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    You might not need to have any kind of facing on the insulation. The glue in the plywood of the subfloor above acts as a vapor barrier (if it has a perm rating of 1 or less). This would be your most cost effective approach. Spray insulation is hideously expensive, has flamability issues and will take years before the savings (if at all) over regular fiberglass batting is seen. Check with your local code on what the R-value requirement is for ATTICS, not floors. If you use 2 layers of unfaced high density R-22 batting (5" thk.) you can get a rating of R-44, which is the most you can get in a 10" space, AFAIK.
     
  4. EricsZ28

    EricsZ28 Veteran Member Lifetime Gold Member

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    Yeah, my subfloor is the plank style (pre-plywood). So I don't think it will be much help. The foam makes a lot of sense, but I don't have that kind of coin right now.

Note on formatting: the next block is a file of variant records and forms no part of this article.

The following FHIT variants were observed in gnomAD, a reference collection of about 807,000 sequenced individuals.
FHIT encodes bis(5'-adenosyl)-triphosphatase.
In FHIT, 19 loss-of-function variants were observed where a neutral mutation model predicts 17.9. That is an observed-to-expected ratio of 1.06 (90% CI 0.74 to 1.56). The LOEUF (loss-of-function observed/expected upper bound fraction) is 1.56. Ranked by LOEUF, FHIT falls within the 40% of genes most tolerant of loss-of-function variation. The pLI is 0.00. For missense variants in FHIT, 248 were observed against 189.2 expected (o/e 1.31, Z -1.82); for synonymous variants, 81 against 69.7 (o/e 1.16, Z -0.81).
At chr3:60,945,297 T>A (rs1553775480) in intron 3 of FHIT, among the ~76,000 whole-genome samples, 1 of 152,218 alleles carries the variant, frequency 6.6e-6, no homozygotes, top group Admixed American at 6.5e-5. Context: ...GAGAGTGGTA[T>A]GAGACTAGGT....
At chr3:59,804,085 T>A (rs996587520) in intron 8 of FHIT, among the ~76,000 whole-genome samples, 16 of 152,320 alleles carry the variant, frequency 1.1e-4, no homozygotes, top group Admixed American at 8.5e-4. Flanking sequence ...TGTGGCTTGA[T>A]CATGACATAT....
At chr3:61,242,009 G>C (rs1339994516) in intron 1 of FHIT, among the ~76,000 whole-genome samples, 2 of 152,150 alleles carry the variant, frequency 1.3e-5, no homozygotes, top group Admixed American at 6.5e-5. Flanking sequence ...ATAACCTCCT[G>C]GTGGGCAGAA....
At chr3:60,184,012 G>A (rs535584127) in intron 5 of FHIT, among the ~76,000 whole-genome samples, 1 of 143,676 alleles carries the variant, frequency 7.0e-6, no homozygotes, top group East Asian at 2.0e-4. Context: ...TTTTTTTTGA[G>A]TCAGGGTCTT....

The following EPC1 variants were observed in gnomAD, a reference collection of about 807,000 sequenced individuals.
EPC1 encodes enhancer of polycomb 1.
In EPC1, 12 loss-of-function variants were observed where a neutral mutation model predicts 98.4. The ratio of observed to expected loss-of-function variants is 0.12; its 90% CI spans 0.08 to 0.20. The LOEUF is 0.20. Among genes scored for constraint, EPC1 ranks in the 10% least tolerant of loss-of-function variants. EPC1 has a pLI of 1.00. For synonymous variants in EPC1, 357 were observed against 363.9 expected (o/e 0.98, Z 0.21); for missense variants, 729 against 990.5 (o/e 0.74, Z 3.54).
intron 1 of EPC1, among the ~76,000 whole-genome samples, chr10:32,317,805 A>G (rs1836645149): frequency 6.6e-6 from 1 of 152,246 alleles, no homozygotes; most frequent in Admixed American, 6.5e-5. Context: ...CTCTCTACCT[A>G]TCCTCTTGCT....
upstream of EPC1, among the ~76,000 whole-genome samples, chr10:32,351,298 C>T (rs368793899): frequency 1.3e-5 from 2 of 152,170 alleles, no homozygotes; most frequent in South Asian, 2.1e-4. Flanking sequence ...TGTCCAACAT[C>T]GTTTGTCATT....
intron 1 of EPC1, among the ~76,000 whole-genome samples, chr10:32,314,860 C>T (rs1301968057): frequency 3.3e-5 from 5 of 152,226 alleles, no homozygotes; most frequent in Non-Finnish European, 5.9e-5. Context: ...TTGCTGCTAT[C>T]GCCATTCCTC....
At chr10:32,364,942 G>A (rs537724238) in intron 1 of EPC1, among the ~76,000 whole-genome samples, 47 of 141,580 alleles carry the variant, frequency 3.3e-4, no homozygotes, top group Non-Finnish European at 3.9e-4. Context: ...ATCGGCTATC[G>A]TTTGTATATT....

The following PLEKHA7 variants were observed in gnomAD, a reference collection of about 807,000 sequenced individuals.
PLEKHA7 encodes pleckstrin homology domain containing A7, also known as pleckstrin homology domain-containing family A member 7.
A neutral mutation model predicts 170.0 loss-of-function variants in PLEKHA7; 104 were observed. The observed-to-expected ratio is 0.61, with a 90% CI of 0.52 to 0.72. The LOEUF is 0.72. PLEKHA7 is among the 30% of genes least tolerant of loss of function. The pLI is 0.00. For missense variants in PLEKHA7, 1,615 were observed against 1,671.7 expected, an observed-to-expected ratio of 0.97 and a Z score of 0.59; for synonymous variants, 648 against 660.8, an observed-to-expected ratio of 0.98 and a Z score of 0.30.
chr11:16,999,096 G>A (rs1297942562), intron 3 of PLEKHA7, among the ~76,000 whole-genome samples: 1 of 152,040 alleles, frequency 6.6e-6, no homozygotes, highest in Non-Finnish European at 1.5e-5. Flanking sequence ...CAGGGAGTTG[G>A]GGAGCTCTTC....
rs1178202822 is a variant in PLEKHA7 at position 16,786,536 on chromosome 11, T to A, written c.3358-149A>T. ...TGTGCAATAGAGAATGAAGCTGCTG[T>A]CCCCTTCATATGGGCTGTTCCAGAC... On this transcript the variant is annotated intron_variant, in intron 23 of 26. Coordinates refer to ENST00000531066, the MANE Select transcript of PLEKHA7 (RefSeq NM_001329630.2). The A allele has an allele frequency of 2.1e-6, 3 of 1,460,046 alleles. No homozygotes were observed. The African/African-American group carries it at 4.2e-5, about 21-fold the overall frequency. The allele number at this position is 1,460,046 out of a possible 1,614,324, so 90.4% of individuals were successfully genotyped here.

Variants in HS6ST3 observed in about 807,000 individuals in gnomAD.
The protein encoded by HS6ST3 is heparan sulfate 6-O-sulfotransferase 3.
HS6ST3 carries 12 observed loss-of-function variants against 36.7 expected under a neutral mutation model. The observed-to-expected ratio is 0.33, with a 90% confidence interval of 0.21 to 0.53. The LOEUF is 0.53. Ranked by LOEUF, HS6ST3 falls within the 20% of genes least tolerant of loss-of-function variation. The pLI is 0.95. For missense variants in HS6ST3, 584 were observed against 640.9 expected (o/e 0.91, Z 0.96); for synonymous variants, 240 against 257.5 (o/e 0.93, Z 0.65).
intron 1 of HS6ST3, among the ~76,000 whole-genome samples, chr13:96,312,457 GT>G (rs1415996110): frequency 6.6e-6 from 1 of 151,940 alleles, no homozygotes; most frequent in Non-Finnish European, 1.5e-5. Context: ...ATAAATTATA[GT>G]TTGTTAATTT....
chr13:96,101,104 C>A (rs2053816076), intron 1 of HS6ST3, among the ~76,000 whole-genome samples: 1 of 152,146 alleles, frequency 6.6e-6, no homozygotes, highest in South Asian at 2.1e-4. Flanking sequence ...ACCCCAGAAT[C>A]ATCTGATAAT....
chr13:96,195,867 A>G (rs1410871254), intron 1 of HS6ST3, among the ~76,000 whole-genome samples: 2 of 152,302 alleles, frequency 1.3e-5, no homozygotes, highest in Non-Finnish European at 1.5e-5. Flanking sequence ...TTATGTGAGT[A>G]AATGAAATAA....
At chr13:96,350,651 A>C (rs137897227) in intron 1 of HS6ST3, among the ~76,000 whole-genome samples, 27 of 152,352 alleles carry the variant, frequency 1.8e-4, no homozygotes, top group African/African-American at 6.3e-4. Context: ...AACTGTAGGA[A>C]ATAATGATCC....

Is there a "correct" way to install faced insulation from the bottom? Specifically, what would I do around the cross braces? I don't see much choice other than to slit the insulation - which adds even more seams to the vapor barrier. Installing it from the top (to avoid slitting the vapor barrier) is not an option.